You may have heard the podcast edition of the Year in Review, so here it is for perpetuity on the website.
First up, let’s take a look back at the year from the podcast’s perspective.
As usual, I was lucky enough to obtain opportunities to talk with so many of the leading lights and influences on rock and metal. Erik Rutan from Morbid Angel and Cannibal Corpse must be the highlight, as was Terrence Hobbs from Suffocation, Kai Hansen from Helloween and Gamma Ray, Bill Steer from, Carcass, Gary Holt and Zetro Souza from Exodus and many more. There were 92 podcast episodes released this year, many of them featured on my new YouTube channel. The Cradle of Filth episodes, which a YouTube user christened the Chronicles of Filth, continue to amass a vast following. I get more correspondence about my chats with ex-CoF members than almost everything else combined. I have around a dozen more members to talk to if only I can find them and then get them to commit to a chat.
Many conversations made Blabbermouth, Ultimate Guitar and many other clickbait sites. It’s all publicity, although I can tell you it hardly translates into subscribers to the show or new listeners to a band’s music.
My book about the conversations shared on the podcast will be out soon. It’s written; I just need to go through the motions with a publisher and print them locally, they will be available for sale in the new year, and yes, you heard that right, I know many of you prefer a physical copy to that of digital, so I will ensure it’s available.
Something else happened this year. I was asked to participate in a new YouTube chatfest by Josef from Baldheaded metal. He hosts a reaction and review themed show, so it’s a bit different to mine; he’s based in New York, so I’m up before 5 am Brisbane time so we can talk shop about many worthy metal related topics. We chat once a week so tune in if you want to hear us wax lyrical.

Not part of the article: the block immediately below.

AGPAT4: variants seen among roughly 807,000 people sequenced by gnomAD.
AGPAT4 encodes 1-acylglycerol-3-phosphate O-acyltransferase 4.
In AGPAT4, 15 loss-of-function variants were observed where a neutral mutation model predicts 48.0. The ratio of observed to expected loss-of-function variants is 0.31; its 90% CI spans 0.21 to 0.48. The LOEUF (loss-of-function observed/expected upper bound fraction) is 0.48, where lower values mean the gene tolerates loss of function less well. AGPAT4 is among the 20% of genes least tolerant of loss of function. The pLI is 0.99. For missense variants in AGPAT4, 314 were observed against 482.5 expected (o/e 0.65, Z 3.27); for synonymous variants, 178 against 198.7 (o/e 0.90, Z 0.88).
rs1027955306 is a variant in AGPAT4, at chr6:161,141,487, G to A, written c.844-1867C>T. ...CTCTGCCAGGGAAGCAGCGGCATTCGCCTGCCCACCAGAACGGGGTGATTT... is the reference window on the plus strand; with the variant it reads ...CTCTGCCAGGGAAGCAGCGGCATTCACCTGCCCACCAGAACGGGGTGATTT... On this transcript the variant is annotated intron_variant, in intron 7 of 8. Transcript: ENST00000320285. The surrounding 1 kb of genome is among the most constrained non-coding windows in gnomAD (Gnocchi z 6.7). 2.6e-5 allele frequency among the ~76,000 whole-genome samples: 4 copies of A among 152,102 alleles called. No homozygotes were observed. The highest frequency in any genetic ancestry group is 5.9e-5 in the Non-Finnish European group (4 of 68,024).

Onto the music released this year. I do have a top 10, but before we get to it, I want to highlight the many other worthy releases that I highly recommend:
Suffocation– Live In North America: An essential live recording from one of the greatest death metal bands.
Beast In Black– A Dark Connection: The sound of the future? FM pop sensibility and stylings meet extreme metal. Includes a choice cover of Michael Jackson’s “They Don’t Care About Us”.
Ministry– Moral Hygiene: Uncle Al is back. This album splices shouted protest themes of 2020/21 United States over the outfit’s signature thrash inspired industrial metal.
The Night Flight Orchestra– Aeromantic 2: Europe (the band) meets Journey (also the band) at a Rod Stewart album launch.
Carnifex– Graveside Confessions: A slicing deathcore extravaganza by a band at the peak of their considerable powers.
Khemmis– Deceiver: Grinding doom metal. The highs reach Everest and lows plummet to Mariana Trench depths.
Fear Factory– Aggression Continuum: Never count Dino out of the game. As the last man standing, the album sets him up nicely for the future, not a bad riff in sight.
Vader– De Profundis (Remastered): If you even vaguely consider yourself a fan of death metal, you should own this. A masterpiece.
MSG (MICHAEL SCHENKER GROUP)– Immortal: The overlooked master of heavy metal guitar performance offers yet another example of his evergreen relevance to the genre.
RICKY WARWICK– When Life Was hard and Fast: All class. Ricky is easily one of rock music’s premier frontmen, and this solo album needs to be played loud. Very loud.
Epica- Omega: Mark Jansen can’t write a lousy riff, and Simone Simons wouldn’t know how to sing a bad tune; all the evidence you need to support these claims can be heard across Omega.
Ghost Bath– Self Loather: Dennis Mikula has come of age on this album. It surpasses anything he’s done under the Ghost Bath moniker to date by many measures.
BURNING WITCHES– The Witch of the North: The trans-European/ Filipino all-female outfit knows a thing or two about writing epic thrashed-up trad metal.
Pathology– The Everlasting Plague: Very heavy and vicious death grind from Southern California.
Therion– Leviathan: Cristofer Johnsson is the Keith Richards of symphonic metal. Long may he reign supreme.
White Void– Anti: Another shining example of the boundless creativity of Borknagar’s Lars Nedland
Cannibal Corpse– Violence Unimagined: The death metal masters finally have the death metal master blaster in the band; guitar player and producer supreme, Erik Rutan. Only father time can stop them now.
Alien Weaponry– Tangaroa: The Kiwi’s are delivering on the promise of the debut Tū, except Tangaroa is more dynamic, groovier, and heavier.
Armored Saint– Symbol of Salvation Live: John Bush and Joey Vera are at their best. Stunning.
Aeon– God Ends Here: Heavy, heavy stuff. Did I mention heavy?
Cirith Ungol– Half Past Human: For the metal fan who prefers to swig from a goblet and gnaw their meat from a bone.
Artillery– X: The Danes get it; thrash metal and rock music, ala AC/DC were made for each other.